(Pix © Larry Catá Backer 2017)
As is well known by now, the contests over control of the "spaces" for "speech" have become much more heated over the course of the last several years. There have been any number of high profile (and by that I mean cases where national media have deemed the events of sufficient interest to report) events in which the social media statements of faculty, as well as the efforts of faculty to speak at academic institutions, have been the subject of agitation and threats. The events have targeted people of all political views and appear to suggest the intensification of campaigns not just for control of the borderlands of "acceptable" speech but also to regulate not its contents (directly) but the consequences of its use. To that end the conflation of the ideal of the university as a place for discourse of all sorts is increasingly bumping up against the realities of markets for educational services (and the business of education) with respect to which speech is part of the production of income for institutions. But also changing are the frameworks of academic speech culture that once served to discipline the scope and manner of faculty speech within a common culture of academic speech that has long been shattered and whose shards increasingly sting their targets. Universities have responded to these increasingly conflicting demands in quite distinct ways (see, e.g., here, here, here, here). The academy has finally come face to face with the end product of the revolution in academia that began in the second half of the 20th century to the three strands of academic life--the university as an institution, the ideal of the university and the role and place of faculty within both.
The line drawing between speech, faculty speech cultures, and the business of education have become more risky as individuals (students, other faculty, administrators, and outsider stakeholders among others) have intensified the nature of their responses to speech. Where once speech was countered by (more) speech, today the most effective (in terms of getting results including drawing media attention) now speech tends to be countered by physical acts and threats. The most powerful speakers today wrap themselves within the emotive and physical power of the mob and of the threat of the use of physical force. These trends ought to be greatly lamented. And one ought to be troubled by the increasing propensity to back counterspeech with physical acts is likely to dramatically change the shape of the dynamics of discussion about the speech of academics (and others int he academy) in years to come. Yet, perhaps, as culture itself becomes a political objective, it might well be expected that the issues around speech of these sorts no longer are mere matters internal to the university but are now important aspects of larger political battles affecting society. And that also substantially changes both the context in which speech debates may be had. This is not new--recall earlier periods of substantial political instability in the United States and elsewhere where academic speech became more sensitive as a political matter. But historical resonance does not necessarily suggest either response or outcome in the peculiar contemporary context.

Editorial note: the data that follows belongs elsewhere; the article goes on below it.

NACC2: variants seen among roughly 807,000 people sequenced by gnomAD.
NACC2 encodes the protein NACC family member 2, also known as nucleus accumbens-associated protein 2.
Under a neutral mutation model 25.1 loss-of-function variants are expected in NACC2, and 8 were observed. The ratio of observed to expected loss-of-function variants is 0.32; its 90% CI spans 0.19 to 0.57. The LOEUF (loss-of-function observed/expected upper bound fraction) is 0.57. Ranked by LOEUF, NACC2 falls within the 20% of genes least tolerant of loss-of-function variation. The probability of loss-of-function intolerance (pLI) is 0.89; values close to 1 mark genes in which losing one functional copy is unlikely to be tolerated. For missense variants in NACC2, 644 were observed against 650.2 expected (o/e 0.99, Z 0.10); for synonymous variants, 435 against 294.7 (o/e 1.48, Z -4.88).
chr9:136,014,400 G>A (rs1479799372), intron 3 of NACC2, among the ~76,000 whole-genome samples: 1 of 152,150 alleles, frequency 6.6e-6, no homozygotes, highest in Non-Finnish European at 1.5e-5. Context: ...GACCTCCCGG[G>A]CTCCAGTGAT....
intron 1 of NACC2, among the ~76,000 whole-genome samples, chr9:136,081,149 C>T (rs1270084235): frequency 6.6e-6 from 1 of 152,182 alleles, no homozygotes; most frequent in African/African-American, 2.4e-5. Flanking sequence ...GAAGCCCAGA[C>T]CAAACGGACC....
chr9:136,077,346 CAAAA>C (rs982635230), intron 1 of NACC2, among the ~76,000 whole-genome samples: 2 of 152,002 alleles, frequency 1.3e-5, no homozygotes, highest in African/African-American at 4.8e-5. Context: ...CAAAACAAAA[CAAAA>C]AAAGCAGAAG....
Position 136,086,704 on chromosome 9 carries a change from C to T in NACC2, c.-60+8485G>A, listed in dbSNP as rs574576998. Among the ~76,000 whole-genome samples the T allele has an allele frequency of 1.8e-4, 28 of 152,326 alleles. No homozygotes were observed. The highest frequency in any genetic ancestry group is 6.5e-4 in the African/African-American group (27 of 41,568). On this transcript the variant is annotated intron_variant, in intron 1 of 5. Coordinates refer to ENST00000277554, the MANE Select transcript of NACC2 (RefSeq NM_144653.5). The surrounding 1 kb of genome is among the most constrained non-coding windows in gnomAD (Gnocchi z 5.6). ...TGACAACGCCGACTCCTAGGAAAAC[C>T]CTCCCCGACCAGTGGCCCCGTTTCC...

One already gets a sense of this, as well as of the increasing irrelevance of traditional patterns of discussion of speech and speech rights within the academy in the latest manifestation of the new emerging pattern of the battle over speech and the power to control it. And it is not clear that the traditionally based responses of academics (see, e.g., “Targeted Online Harassment of Faculty,”) are sufficient in the face of substantial changes in the nature and context in which these issues now arise. Hank Reichman, posted on the AAUP's Academe Blog posted:
The following statement on the suspension of Professor Johnny Williams was issued by the Executive Committee of the Trinity College AAUP chapter. This morning Inside Higher Ed reports that “Williams said he was told by a dean that he was taking leave whether he wanted to or not, and that Trinity made its decision in ‘the best interest of the college, not for my family and me.’ It’s ‘not in the interest of safeguarding academic freedom and free speech,’ he added. ‘It is my hope the administration corrects its course’.’”
For an update as of July 14, 2017--HERE.